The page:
6 Ways to Reduce Unpredictability in Product Development

“I’m flying by the seat of my pants”

Anyone that has ever worked in a Product Development team would have heard an Engineer say this at least a couple of times. Why? Product Development or Engineering is an inherently unpredictable process. 

What is a Heuristic?

The Product Development or Engineering process can be aptly defined as the use of engineering heuristics to cause the best change in a poorly understood situation within the available resources or in simple English – “Doing the best I can with what I’ve got with what I know at the moment”

Heuristic means – enabling a person to discover or learn something for themselves, typically using a practical method which is not perfect, guaranteed or rational, but is still enough to reach an immediate short-term goal. In fact, the term “Fly by the seat your pants” means to work by feel or instinct without formal guidelines or experience. When people fly by the seat of their pants, they do not plan ahead. They think about what they are going to do and make decisions as each choice comes up.

Everything the engineer does in his role is under the control of a heuristic. He often doesn’t have the complete picture, or enough information to be absolutely sure of something or know the next steps to take. And more often than not, he is more confident of everything he doesn’t know at the moment, than what he does know or will know in the future. The engineer instinctively knows this feeling in his gut and calls it “doing the best you can with what you’ve got”, “flying by the seat of my pants” or “just muddling through”.

Reducing Unpredictability

So, if Product Development is unpredictable and on its best day, only partially controllable, what can you do to improve the situation? What does one do to reduce the unpredictability and improve the level of control?

The answer is remarkably simple! Realize that Product Development is more about learning quickly and less about creating product. Product Development, at its core, is about helping order to emerge from the unpredictability and chaos by learning quickly and helping others learn quickly too. Product Development is more about Knowledge Management and less about creating product.

Engineers get exposed to rapidly arriving new information every day during the course of a New Product Development project. They have to understand it, organize it and then react to it rapidly. They make multiple micro-decisions on an hourly basis. In order to enable them to do this effectively and reduce the risk of unpredictability and make good decisions quickly, you have to shift decision-making authority from upper management to their level. And the only way you can trust them with this new responsibility, is to improve their knowledge and speed of learning.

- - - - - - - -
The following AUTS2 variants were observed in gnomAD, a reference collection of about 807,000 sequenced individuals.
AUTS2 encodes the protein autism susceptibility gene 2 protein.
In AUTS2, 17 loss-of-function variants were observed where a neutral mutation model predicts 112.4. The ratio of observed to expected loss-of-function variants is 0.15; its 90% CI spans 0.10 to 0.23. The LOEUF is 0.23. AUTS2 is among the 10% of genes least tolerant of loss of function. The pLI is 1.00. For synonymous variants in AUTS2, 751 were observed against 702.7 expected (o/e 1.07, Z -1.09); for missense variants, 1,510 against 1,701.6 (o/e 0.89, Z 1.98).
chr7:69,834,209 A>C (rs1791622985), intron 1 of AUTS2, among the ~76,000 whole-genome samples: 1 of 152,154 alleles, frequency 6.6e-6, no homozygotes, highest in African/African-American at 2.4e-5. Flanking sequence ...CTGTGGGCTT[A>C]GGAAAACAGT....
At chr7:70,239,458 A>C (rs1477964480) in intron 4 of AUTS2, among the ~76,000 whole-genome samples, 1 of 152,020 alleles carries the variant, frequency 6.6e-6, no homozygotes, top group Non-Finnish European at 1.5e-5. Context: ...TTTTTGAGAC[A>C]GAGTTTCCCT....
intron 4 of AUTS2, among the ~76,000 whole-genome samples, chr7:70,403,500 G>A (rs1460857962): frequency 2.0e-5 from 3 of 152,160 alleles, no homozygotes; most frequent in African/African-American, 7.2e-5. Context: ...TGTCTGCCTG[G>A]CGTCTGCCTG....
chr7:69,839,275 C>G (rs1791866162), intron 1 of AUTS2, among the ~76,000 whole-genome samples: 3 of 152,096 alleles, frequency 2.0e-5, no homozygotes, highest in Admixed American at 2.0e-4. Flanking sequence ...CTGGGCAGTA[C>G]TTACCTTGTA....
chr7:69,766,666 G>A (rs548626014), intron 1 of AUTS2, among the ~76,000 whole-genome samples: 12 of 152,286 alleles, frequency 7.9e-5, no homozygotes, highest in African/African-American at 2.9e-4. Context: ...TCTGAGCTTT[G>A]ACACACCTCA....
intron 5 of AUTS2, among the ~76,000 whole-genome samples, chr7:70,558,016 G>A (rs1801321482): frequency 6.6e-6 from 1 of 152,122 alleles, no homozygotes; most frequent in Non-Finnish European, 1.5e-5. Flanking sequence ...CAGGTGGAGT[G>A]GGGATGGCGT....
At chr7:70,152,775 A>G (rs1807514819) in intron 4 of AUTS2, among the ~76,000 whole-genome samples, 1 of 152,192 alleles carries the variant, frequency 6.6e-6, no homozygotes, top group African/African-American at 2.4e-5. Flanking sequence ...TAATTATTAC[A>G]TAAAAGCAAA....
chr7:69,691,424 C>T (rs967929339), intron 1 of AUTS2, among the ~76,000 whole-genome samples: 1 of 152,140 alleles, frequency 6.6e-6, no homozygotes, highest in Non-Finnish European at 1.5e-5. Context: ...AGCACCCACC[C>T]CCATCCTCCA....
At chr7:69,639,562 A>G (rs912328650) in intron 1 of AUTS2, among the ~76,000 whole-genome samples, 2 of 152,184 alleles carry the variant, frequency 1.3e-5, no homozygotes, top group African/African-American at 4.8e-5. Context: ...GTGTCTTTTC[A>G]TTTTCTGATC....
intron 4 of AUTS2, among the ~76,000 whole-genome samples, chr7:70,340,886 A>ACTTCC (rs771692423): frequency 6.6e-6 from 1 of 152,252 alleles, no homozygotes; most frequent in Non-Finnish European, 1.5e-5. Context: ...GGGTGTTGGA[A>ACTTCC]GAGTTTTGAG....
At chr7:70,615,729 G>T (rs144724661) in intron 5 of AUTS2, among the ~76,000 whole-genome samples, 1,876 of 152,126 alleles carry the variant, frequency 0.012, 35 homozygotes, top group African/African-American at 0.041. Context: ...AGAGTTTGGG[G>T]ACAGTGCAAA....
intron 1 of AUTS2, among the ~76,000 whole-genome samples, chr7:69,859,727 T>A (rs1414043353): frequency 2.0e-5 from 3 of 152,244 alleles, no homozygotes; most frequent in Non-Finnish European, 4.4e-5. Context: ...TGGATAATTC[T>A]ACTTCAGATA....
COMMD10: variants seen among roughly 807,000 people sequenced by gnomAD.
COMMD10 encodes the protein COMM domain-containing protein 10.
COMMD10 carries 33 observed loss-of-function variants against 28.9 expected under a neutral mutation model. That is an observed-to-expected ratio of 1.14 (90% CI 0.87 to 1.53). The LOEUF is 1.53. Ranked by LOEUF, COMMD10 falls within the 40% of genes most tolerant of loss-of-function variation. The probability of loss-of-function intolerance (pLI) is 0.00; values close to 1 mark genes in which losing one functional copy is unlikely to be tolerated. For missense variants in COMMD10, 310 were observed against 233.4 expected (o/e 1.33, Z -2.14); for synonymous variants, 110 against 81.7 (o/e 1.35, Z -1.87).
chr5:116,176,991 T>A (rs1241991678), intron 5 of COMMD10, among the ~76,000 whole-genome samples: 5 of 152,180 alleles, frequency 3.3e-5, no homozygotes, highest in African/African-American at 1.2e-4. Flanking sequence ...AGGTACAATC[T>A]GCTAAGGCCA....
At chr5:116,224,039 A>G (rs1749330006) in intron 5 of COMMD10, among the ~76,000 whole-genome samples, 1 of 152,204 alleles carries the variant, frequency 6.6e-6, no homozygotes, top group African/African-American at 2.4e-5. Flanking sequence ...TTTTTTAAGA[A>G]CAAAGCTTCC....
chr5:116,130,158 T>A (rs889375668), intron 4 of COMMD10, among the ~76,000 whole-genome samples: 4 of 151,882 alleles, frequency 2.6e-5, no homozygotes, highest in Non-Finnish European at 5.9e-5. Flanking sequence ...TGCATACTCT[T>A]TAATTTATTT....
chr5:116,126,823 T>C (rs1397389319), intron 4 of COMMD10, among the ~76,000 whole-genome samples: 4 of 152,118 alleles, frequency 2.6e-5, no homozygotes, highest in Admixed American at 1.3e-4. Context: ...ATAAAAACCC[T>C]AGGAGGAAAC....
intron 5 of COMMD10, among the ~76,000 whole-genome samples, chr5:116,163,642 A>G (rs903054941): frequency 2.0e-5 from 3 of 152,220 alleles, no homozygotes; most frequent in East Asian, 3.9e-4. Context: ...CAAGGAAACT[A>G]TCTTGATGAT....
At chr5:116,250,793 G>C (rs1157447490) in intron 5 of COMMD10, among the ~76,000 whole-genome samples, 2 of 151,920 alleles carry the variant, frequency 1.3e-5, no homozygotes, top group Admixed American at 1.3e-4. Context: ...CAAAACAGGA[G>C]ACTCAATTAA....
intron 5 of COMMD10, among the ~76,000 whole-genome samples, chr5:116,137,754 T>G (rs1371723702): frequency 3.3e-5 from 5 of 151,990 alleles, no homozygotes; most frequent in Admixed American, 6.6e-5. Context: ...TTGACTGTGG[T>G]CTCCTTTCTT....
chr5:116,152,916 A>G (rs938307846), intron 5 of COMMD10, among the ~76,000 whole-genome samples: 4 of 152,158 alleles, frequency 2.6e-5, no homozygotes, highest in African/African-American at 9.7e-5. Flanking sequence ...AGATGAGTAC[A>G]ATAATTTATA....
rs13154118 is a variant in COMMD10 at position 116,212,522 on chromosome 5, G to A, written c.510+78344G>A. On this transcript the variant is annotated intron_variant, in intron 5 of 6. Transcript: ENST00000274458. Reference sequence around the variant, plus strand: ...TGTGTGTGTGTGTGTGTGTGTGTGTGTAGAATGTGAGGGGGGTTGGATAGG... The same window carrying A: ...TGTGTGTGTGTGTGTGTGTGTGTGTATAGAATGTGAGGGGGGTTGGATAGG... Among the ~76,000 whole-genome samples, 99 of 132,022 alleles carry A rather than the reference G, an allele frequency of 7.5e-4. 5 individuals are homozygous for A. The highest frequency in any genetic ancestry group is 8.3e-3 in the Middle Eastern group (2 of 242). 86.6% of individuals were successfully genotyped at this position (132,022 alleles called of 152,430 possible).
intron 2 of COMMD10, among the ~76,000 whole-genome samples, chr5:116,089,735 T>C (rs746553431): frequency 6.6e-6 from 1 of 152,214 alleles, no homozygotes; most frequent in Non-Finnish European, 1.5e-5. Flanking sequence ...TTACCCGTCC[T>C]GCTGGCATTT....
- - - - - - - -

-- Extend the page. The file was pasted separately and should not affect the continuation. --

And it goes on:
Types of Knowledge

There are two different types of knowledge – Explicit Knowledge and Tacit Knowledge

Explicit knowledge is easily organized  or systematic information. It can be transferred without significant loss of content and context. Ex: Facts, unquestionable information in Textbooks, Research papers or Test Reports

Tacit knowledge is also called know-how or experience. It is complex and hard to organize into systematic information. Difficult to transfer and can be anecdotal. It requires dense ties and long relationships – Ex: Master and Apprentice. In fact, apprenticeship was developed as a way to transfer tacit knowledge/know-how. Tacit knowledge is what we just feel and know in our gut, it is “second nature”.

In highly technical environments such as Product Development, tacit knowledge is the true source of a company’s competitive edge! 

The other thing to keep in mind is the stages of learning. There are 4 stages of learning –

  • Unconscious Incompetence or “I’m not aware of what I do not know”
  • Conscious Incompetence or ” I recognize and am aware of what I don’t know”
  • Conscious Competence or “I know the tasks I’m good at, and I’m working on bridging my knowledge gaps”
  • Unconscious Competence or “I’m so good at doing this, I can do it in my sleep or while I’m doing something else”

6 Ways to Reduce Unpredictability and Improve Learning

So, how do you begin the process of learning, gaining that tacit knowledge and achieving “Unconscious Competence”? Begin with the following –

  1. Going to the Gemba! Go to the shop floor, visit your suppliers, attend trade-shows etc.
  2. 1:1 Mentoring
    1. Learning focused problem solving. Making mistakes can have a positive impact on learning.
    2. Helping the Engineers see the “big picture” of how their work fits into the process and organization as a whole
    3. Help the Engineers learn who the internal and external customers of their processes are.
  3. Daily Huddles focused on removing roadblocks
    1. Keeping a constantly updated list of Knowns vs Unknowns for the project is very helpful with Daily and Weekly Huddles
  4. Having engineers from the Suppliers do new technology demo’s, or having them be co-located with your team to answer questions in real-time about manufacturing capability.
  5. Reflection Events
    1. Spending time at the onset of the project investigating mistakes and successes of past projects
    2. Conducting a post-mortem reflection after the project concludes
  6. Build, maintain and continuously update an ever-growing Knowledge Database that is organized, accessible and searchable.

References – 1. Lean Product and Process Development – Allen Ward, Durward Sobek, 2. Developing Products in Half the Time – Preston Smith, Donald Reinertson

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